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New report links autism to the ‘extreme male brain'

Dr. Simon Baron-Cohen Research
April 23, 2007

In the November 4th issue of Science, NAAR-funded researcher Dr. Simon Baron-Cohen and his colleagues at Cambridge University presented their theory of autism suggesting that behaviors observed in autism spectrum disorder may be a representation of exaggerated male characteristics. This report summarized the ‘extreme male brain' (EMB) theory, which is based on the idea that males are weaker “empathizers” (feeling of concern for another's emotional state and generation of appropriate response) and stronger “systemizers” (ability to analyze a situation based on a series of rules and predict outcome based on those rules). The EMB theory extends this idea, suggesting that autism may reflect an extreme impairment in empathizing coupled with a superior ability to systemize. Furthermore, his group presented evidence that these differences in psychological functioning have a neurobiological basis, as males and females show differences in brain structure and function. One possible mechanism proposed by the researchers is different prenatal exposure to hormones which contribute to neurobiological development, leading to these differences in behavior. This study points to the relationship between changes in testosterone levels during development with behaviors linked to autism, including eye contact and social functioning. More information on this article can be found


In order to examine this intriguing idea further, NAAR recently awarded Dr. Douglas Portman a pilot grant award to study genes which control sexual differentiation in an animal model. Dr. Portman's group has identified genes in this model which are specific to the male species, and the pilot grant award will allow his research team at the University of Rochester to explore the neurobiological and behavioral consequences of mutations to these genes. By using this innovative approach, the contribution of these genes to brain function and male specific behaviors, as well as what factors may control the expression of these genes can be studied in a more specific way. Because autism is more common in males compared to females, knowledge of genetic contributions to neural development in males is crucial to a better understanding of the disorder.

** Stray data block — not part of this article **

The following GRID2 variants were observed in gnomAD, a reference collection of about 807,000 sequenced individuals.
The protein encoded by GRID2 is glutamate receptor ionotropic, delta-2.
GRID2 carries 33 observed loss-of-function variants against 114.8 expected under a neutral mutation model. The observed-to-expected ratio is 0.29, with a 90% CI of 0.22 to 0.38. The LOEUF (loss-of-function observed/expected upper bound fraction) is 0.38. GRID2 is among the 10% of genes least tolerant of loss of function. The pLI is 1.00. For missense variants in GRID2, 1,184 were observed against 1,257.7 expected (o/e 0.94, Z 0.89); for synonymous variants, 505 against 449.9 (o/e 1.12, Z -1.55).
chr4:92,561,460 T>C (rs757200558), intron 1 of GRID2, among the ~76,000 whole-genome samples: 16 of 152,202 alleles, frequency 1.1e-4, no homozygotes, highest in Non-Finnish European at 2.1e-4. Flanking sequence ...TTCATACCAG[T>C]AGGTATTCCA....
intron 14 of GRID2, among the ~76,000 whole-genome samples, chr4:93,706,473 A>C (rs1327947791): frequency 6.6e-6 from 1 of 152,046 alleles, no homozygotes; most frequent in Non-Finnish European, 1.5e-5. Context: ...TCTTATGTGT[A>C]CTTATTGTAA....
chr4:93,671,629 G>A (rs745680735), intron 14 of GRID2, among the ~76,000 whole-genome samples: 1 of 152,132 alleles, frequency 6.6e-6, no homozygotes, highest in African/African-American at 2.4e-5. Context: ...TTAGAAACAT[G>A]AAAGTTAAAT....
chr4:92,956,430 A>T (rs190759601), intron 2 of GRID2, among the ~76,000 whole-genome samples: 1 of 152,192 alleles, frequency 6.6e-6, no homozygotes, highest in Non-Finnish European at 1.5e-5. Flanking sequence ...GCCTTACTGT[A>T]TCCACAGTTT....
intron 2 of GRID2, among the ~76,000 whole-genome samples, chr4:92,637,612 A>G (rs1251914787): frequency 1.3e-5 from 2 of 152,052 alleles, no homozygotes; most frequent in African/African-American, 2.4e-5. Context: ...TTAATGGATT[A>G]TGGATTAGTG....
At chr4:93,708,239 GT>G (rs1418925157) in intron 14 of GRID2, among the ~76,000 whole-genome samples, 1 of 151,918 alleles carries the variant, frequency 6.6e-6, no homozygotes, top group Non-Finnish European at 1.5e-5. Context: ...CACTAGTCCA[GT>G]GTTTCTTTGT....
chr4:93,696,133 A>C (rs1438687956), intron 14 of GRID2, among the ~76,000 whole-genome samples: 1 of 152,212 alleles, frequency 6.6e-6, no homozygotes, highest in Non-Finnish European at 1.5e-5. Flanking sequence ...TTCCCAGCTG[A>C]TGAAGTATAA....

Established in 1994, the National Alliance for Autism Research (NAAR) is the first non-profit organization in the country dedicated to funding and accelerating biomedical research for autism spectrum disorders. The organization was established by parents of children with autism concerned about the limited amount of funding for autism research. To date, NAAR has committed nearly $30 million in grants for biomedical research projects worldwide that seek to find the causes, prevention, effective treatments and, ultimately, cure for autism spectrum disorders. Walk for Autism Research is the organization's signature fundraising and autism awareness event, which is held annually in numerous communities across the United States. Additionally, NAAR was instrumental in establishing the Autism Tissue Program, a parent-led brain tissue donation program for autism research.